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[ Alleged Mafia Ties Cast New Shadow on Italy’s Renewables ]

Italy’s attempt to drive growth in its renewables sector has given rise to a new line of business for the Mafia, and the government is trying to crack down, according to a fascinating report in The Washington Post.

Italy, along with many other countries in Europe, has been ramping up the development of renewable energy over the last few years, partly in response to targets set by the European Union. In 2011, Italy led growth in solar power and was second only to Germany in total installed solar capacity. (See quiz: “What You Don’t Know About Solar Power.”)

But that growth offered little price relief to Italy’s electricity consumers and sparked a battle with competing oil- and gas-powered plants. As a heat wave pounded the country last summer, its parliament passed new regulations that cut incentives for renewables while offering new subsidies to fossil fuel plants. (See related photos: “Eleven Nations With Large Fossil Fuel Subsidies” and interactive map: “Fossil Fuel Burden on State Coffers.“)

“Without this decree, [oil-fired] plants would close down,” an official from the state-run utility, Enel, said in a Financial Times report on the new scheme. Italy was forced to activate some of its oil-fired plants last winter, when its reliance on natural gas imports from Russia resulted in a shortage.

The exposure of alleged Mafia ties adds a new layer of adversity for many renewable power projects. The Post account says that about one third of Sicily’s wind farms and several solar plants have been seized by authorities in the wake of a sting that also involved the freezing of $2 billion in assets and at least a dozen arrests. Prosecutors said that the wind and solar industries — new sectors of growth and profit for the country, thanks to government subsidies — became a lure for crime families who strong-armed their way into land leases, elbowed out competition, and bent regulations in an effort to control the industry.

The mob may not be the only entity that was moved to impropriety by Italy’s renewable energy boom. An affiliate of the Chinese solar panel manufacturer Suntech is battling criminal charges that its subsidiaries skirted regulations while building five solar plants in Italy; Suntech is also claiming that it was the victim of fraud in financing its Italian solar projects, and in December said that it would need to revise its financial statements for the past three years, taking a hit of between $60 and $80 million because of a funding guarantee that it discovered “does not exist.”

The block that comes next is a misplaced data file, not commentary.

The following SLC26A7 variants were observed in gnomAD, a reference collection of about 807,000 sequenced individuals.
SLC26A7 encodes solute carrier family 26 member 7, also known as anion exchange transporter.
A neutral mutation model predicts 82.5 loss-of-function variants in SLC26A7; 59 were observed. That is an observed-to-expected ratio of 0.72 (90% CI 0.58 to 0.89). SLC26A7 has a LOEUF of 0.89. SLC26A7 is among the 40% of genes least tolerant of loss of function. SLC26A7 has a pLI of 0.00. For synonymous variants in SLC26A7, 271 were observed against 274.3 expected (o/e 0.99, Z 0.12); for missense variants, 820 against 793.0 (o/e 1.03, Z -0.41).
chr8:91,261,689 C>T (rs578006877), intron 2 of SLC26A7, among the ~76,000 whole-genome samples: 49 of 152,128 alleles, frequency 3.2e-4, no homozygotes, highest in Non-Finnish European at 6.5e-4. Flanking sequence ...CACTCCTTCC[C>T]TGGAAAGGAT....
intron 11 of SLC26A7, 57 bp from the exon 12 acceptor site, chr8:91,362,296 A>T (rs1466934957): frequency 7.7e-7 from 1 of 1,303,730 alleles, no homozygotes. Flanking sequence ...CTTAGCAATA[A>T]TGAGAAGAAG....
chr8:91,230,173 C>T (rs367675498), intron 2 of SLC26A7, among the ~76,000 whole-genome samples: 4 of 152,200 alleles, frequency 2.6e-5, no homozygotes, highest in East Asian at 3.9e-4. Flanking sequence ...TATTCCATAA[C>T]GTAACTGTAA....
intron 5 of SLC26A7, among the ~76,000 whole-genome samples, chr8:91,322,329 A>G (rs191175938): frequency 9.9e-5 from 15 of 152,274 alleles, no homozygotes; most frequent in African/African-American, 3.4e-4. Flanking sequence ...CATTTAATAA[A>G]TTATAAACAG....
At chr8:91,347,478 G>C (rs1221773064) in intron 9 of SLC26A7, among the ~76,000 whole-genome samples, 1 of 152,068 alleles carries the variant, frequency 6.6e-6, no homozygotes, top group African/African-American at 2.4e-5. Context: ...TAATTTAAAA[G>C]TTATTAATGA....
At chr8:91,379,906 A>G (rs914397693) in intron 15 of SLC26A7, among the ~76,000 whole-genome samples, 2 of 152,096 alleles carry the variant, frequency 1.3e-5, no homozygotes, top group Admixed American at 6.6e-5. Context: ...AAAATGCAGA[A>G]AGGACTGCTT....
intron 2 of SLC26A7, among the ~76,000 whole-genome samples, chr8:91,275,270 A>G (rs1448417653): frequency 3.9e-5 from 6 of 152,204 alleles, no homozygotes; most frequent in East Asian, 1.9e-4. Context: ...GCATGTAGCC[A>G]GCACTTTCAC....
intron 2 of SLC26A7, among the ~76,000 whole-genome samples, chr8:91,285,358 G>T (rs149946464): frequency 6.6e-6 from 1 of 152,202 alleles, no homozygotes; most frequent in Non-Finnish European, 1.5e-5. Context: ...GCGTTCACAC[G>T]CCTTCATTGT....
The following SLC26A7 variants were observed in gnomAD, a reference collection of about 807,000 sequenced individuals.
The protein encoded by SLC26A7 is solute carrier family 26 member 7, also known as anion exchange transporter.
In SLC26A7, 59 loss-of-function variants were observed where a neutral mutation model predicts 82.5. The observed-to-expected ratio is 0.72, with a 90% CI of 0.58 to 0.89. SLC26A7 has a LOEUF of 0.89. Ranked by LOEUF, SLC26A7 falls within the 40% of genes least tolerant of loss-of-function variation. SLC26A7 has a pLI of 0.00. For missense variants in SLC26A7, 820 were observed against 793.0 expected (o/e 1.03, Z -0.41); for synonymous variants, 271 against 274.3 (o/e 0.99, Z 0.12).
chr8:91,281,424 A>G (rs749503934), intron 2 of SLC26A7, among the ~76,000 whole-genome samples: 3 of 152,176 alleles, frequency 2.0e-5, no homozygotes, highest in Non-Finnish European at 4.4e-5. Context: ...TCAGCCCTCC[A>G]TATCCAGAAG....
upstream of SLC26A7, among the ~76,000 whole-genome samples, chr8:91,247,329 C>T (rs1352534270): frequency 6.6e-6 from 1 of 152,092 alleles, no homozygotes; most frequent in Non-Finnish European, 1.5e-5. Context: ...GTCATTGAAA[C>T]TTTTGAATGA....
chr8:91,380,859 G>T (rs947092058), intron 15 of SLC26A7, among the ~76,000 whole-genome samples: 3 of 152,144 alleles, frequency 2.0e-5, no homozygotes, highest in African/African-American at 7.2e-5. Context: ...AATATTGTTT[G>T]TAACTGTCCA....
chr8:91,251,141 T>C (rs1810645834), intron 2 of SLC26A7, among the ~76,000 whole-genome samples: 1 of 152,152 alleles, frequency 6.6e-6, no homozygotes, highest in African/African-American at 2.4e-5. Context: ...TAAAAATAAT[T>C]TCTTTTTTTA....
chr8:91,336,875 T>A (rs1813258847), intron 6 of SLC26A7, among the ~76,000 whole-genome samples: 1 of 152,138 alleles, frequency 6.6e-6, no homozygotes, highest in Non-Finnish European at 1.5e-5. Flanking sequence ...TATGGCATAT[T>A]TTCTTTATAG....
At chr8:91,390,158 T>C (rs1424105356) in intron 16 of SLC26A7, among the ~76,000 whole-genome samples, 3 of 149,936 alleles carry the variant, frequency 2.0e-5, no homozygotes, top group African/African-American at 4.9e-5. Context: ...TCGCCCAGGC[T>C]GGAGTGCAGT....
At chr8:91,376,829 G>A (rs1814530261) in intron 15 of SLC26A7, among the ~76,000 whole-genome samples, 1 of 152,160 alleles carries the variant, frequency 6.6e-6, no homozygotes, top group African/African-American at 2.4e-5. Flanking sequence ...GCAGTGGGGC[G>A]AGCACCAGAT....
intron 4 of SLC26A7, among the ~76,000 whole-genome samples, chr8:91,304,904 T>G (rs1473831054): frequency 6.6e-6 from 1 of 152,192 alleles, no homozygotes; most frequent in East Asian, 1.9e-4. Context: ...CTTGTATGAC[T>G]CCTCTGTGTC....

In Sicily, the Post reports, most new construction of renewables projects has stopped. But a slowdown had been on the horizon already, thanks to the new regulations. In December, the European Photovoltaic Industry Association (EPIA) sent a letter to EU Commissioner for Energy Günther Oettinger decrying recent policy measures in a number of countries, saying that “lack of confidence in the support measures heightens the perceived risk in investments in renewables.” Italy, it said in a background paper, has had three different incentive systems in less than two years.

“These sudden changes of  legislation [in Italy] have generated many uncertainties on the part of operators and in some cases limited access to credit,” the EPIA wrote. As investigations into the wrongdoing in Italy continue, continued generation of uncertainty seems more likely than generation of new solar or wind energy, for now.

 

1 Comment to Alleged Mafia Ties Cast New Shadow on Italy’s Renewables

  1. January 23, 2013, by Vivian Y. Calhoun

    In fact as Tucker shows in this piece renewables will always be far more expensive. The laws of thermodynamics with its E = mc2 means that the energy that can be unlocked from solar sources like windmills is only a fraction of that available from fossil fuels and this in turn is only a fraction of that available through nuclear power. In the case of solar collectors, Tucker estimates, “If we covered every rooftop in the county with solar collectors, we could probably power our indoor lighting plus some basic household appliances – during the daytime”. In terms of land, a 1000 MW standard power station using hydro typically requires 250 square miles of lake behind an 800 foot wall. In the case of a windfarm 375 square miles are required for the same output (which is episodic and unavailable at night). Tidal power needs 20 miles of coastline for the same output.

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